by Wendy Low
This year, we commemorate 70 years since the liberation of Auschwitz.
In 2010 I visited Poland. My time visiting the concentration camps cemented my need to be an activist. My stand against bigotry and prejudice is my way to honor those who were murdered.
For most of my lifetime, the recent memory of the Holocaust led to a relative quiet of anti-Semitic voices. Since 2000, even as Holocaust survivors still live and share their stories of survival, anti-Semitism has increased significantly with verbal attacks against Jews, vandalism, and even violence. Public opinion polls in European countries show increased negative attitudes towards Jewish people. In France, after the Charlie Hedbo shootings, the Great Synagogue was closed for Shabbat services for the first time since Nazi occupation.
When I hear about anti-Semitic incidents, I react with a shrug and a sigh. I feel sad and helpless in the face of these horrible crimes. I wish my friends would understand why I also feel so scared. And though I feel part of the global Jewish family, I am lucky to live in the United States where anti-Semitism hasn’t yet reared its ugly head in full force. But equally disturbing in the US is the expression of Islamaphobia.
At a recent dinner party, when I shared about my interfaith work someone from across the room inserted themselves into my conversation to tell me why Interfaith was not a worthy pursuit with Muslims before spewing off many other ignorant and prejudiced comments. I wish this was my only direct encounter with Islamaphobia, but sadly it is not.
When I hear Islamaphobic comments either directly or from the news, I am angered and feel compelled to take action. My pluralistic dream for America seems more and more to be just that, a dream. I know how easily hate of one group can spread to hate of other groups. Following the Charlie Hedbo attacks, there was an increase Islamaphobic incidents. I jumped on social media and began yelling. I yelled at people who said Muslims weren’t condemning the attacks. I yelled at those who mischaracterized the religion of Islam. I fought for my friends and I thought I was acting as an ally.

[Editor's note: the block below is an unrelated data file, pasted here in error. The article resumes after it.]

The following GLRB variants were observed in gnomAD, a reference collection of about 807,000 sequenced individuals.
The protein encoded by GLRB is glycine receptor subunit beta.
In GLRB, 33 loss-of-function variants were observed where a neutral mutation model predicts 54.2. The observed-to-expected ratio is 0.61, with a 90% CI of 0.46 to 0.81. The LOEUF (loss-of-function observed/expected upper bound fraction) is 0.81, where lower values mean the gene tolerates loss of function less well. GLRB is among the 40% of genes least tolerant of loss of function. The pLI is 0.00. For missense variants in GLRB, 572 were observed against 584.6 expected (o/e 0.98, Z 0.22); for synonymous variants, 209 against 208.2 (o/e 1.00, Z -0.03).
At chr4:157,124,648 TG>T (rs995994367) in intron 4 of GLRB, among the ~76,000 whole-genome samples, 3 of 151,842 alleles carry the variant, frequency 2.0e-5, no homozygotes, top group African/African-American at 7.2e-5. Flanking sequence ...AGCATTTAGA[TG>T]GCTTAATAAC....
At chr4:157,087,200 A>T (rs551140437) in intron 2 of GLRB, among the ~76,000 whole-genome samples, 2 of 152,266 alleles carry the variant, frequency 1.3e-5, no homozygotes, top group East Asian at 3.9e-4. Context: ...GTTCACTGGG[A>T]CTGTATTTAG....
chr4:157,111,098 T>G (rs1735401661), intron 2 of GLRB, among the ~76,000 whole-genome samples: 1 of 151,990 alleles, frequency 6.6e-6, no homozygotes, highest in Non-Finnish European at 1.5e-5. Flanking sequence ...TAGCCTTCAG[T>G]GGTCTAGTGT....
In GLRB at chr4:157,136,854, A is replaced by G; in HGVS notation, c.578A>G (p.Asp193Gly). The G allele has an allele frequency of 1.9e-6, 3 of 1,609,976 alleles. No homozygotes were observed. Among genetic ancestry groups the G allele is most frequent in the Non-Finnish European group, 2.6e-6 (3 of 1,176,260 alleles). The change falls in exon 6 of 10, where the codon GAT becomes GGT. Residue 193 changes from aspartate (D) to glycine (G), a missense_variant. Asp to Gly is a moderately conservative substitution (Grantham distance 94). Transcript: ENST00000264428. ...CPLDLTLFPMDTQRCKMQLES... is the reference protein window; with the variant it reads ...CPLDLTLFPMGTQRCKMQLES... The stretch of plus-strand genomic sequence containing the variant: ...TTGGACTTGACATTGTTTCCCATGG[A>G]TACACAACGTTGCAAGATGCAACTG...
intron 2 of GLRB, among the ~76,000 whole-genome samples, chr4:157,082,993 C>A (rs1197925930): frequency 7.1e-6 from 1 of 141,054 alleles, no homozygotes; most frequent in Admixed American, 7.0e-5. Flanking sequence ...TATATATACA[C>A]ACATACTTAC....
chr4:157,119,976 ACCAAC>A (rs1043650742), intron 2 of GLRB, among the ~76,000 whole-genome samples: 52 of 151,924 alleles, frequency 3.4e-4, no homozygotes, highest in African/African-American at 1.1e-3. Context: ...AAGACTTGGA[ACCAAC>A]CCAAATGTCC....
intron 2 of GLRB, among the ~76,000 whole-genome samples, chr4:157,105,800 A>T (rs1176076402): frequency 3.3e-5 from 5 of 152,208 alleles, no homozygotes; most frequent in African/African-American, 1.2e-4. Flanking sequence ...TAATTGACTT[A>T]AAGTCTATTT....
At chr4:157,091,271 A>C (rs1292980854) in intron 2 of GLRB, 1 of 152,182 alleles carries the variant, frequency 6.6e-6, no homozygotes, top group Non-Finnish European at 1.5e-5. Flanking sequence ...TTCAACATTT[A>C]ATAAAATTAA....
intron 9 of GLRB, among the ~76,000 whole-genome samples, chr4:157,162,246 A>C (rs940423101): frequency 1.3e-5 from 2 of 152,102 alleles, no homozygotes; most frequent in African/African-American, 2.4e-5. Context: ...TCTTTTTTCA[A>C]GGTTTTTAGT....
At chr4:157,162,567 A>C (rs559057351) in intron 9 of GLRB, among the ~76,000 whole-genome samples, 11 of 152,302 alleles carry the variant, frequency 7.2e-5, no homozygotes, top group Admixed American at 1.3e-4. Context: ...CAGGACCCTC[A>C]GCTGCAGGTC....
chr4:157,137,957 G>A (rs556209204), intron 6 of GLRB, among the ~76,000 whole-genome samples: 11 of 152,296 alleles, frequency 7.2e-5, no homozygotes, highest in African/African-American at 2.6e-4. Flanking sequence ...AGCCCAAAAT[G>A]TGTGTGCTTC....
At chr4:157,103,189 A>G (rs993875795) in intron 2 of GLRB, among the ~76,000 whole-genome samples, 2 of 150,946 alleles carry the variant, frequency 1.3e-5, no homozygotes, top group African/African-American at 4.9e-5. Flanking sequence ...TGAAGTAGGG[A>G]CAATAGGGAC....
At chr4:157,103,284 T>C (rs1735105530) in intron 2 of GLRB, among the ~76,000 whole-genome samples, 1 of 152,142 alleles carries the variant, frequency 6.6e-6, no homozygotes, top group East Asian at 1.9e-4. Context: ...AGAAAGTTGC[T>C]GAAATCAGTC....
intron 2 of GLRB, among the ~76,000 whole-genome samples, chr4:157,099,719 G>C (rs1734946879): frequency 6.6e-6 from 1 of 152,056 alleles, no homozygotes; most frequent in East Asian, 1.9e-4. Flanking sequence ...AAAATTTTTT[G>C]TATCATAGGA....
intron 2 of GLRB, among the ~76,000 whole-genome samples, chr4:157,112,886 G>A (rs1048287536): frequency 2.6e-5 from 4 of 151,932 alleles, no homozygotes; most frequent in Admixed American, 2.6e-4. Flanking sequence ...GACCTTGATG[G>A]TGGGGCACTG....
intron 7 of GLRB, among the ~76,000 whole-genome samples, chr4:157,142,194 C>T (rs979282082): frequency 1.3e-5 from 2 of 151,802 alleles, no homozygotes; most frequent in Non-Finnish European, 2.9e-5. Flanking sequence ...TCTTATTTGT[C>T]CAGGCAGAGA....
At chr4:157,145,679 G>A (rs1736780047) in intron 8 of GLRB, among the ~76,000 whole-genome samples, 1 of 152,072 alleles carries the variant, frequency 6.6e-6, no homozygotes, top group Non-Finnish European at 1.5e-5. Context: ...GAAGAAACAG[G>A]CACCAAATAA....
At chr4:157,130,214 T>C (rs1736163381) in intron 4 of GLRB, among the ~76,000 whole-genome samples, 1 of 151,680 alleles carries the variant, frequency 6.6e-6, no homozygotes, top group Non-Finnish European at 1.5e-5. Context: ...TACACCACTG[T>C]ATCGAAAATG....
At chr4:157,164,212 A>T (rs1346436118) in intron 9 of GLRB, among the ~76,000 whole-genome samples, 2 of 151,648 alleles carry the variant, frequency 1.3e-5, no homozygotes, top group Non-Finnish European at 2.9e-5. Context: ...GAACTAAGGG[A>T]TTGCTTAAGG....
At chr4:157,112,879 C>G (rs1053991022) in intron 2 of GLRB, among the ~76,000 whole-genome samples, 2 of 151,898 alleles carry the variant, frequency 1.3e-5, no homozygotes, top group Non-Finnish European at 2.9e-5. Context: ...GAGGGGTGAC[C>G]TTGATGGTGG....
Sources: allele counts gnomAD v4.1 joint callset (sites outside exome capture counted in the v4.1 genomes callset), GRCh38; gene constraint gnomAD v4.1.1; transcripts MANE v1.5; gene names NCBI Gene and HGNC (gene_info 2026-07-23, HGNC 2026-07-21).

And yet. In my anger, I had forgotten something key. While I was busy refuting bigots and posting articles of Muslims condemning terror, I had forgotten to be a personal support to my Muslims friends. When I finally reached out to my Muslim friends, I found that their feelings towards anti-Islam incidents mirrored my own responses to anti-Semitic incidents. One friend expressed her deep sadness at the events and that they made her feel further alienated from American society. She wondered if anyone would stand up for her as they had stood up for other minorities.
As much as bigots need to be silenced, my Muslim friends needed to hear voices of support even more. So although this might be late, I want to say to my Muslim friends: I am with you and I will stand with you. I am responsible to you. Hate should never go unchallenged. Just as I stand for my friends, I trust that when I am threatened by bigotry, my friends will stand for me.
Today, we see the tragic results of a community pushed to the margins by ignorance and hate. Deah Shaddy Barakat, 23, his wife, Yusor Mohammad, 23, and her sister, Razan Mohammad Abu-Salha, 21, were killed Tuesday evening in an apartment complex near the University of North Carolina at Chapel Hill campus. I am overcome with sadness and overcome with the need to act. Today, more than ever, we must reach out and build stronger bridges. I do not want to live in a country where my Muslims friends feel afraid to walk outside. My heart is with UNC.
If you wish to support the victim’s many are donating to Deah Barakat’s project "Refugee Smiles," which aims to provide dental care to refugees of the Syrian War in Turkey and raise funds to support local dentists. You can donate here.
Wendy A Low is the Communications and Outreach Fellow for Faith Matters Network. In addition to her work there, she is an activist and graduating senior at the University of Denver where she studies Biology. Wendy strongly believes in story-telling for social change and the power of stories to change minds and hearts. You can follow her on Twitter @wenderlah.